11 Basics to Understanding Multiple Sclerosis
Multiple sclerosis is the ultimate player. First you see it, then you donít. If you are confused about MS, you are far from alone.
First, what it is not: multiple sclerosis is not the same as muscular dystrophy or cerebral palsy. All people with MS are not in wheelchairs. Itís not a psychological problem.
So what is it?
1. MS is a neurological disease in which lesions form in the central nervous system, interrupting the transmission of signals to the rest of the body.
2. Relapsing/remitting MS, the most common form at onset, causes flare-ups followed by periods of remission. In addition, there are several types of progressive MS in which symptoms continue to worsen over time.
3. Symptoms vary greatly from patient to patient (and from day to day) and include fatigue, numbness, visual impairment, slurred speech, difficulty swallowing, cognitive impairment, tremors, vertigo, pain, lack of coordination, paralysis, and blindness. From the mildest of symptoms to all out disability and everything in between, a typical case of MS is impossible to define. Though symptoms are often invisible, this is a serious medical condition.
4. MS is more common in women than men. Most people are diagnosed between the ages of 20 and 45. Due to MRI, more children are being diagnosed with MS. We donít know the exact numbers because MS is not tracked by the Centers for Disease Control or any other federal agency.
5. There is currently no single definitive test for MS. Rather, it is diagnosed through patient and clinical history, a series of tests, and systematic elimination of other disease and conditions that mimic MS.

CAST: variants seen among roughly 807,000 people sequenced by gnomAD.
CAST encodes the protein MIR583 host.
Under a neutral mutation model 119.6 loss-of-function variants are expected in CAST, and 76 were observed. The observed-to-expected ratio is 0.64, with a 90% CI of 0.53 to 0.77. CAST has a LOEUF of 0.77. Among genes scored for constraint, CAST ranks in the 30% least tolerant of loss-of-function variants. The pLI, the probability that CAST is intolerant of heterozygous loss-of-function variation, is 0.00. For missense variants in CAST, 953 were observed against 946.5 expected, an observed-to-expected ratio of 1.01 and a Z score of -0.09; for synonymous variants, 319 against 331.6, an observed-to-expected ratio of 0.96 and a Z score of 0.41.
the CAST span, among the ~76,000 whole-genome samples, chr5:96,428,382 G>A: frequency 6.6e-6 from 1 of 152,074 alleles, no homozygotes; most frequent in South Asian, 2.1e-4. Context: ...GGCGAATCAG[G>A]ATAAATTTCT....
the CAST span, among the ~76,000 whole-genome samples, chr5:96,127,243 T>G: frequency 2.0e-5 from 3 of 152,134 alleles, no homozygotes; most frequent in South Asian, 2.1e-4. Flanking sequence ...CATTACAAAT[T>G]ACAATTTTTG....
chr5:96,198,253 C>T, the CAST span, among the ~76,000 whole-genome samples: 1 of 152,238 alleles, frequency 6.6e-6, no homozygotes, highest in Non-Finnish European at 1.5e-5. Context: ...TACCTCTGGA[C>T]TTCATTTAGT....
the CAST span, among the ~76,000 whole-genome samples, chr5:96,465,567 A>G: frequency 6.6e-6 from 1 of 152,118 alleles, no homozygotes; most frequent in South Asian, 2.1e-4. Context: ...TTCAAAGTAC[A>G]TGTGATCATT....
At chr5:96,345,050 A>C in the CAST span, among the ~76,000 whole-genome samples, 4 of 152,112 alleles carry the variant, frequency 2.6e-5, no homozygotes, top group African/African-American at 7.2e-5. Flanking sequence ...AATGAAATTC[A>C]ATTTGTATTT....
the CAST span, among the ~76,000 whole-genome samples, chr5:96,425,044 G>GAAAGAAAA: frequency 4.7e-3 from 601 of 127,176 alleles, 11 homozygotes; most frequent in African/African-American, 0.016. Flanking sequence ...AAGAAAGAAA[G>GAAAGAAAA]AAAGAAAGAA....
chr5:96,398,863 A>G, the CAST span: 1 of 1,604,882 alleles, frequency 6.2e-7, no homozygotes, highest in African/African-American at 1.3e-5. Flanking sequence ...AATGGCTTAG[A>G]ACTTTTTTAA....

6. MS is not contagious. A genetic link is suspected. According to the National Multiple Sclerosis Society, the risk of developing MS in the general population is 1/750, rising to 1/40 in anyone who has a close relative (parent, sibling, child) with the disease, but even though identical twins share the same genetic makeup, the risk for an identical twin is only 1/4ówhich means that some factor(s) other than†genetics are involved. Research is ongoing regarding a wide variety of theories, one being that it may be a combination of genetics with an environmental trigger.
7. There are several disease-modifying drugs thought to slow progression, in addition to treatment for individual symptoms and relapses. A healthy diet and exercise are crucial to overall health.
8. MS is not a psychological condition, although depression is a common symptom. With its on again, off again nature and ever-changing symptoms, the emotional toll can be a hefty one.
9. MS itself is rarely fatal, but complications due to MS can be.
10. Some people with MS must leave the workplace due to severe symptoms. People living with MS who are forced into the individual insurance market are often rejected or priced out of the market, creating a serious financial hardship. Medications currently available to treat MS have no generics and are exorbitantly priced, forcing many patients to forgo their desired medical treatment.
11. MS has a profound effect on those who must live with it, or in its wake. Fortunately, many people with MS continue to enjoy an active lifestyle. We may have MS, but we are so much more.
MS Information and Resources:
Writer Ann Pietrangelo embraces the concept of personal responsibility for health and wellness. As a multiple sclerosis patient, she combines a healthy lifestyle and education with modern medicine, and seeks to provide information and support to others. She is a regular contributor to Care2.comís Reform Health Policy blog in Causes.†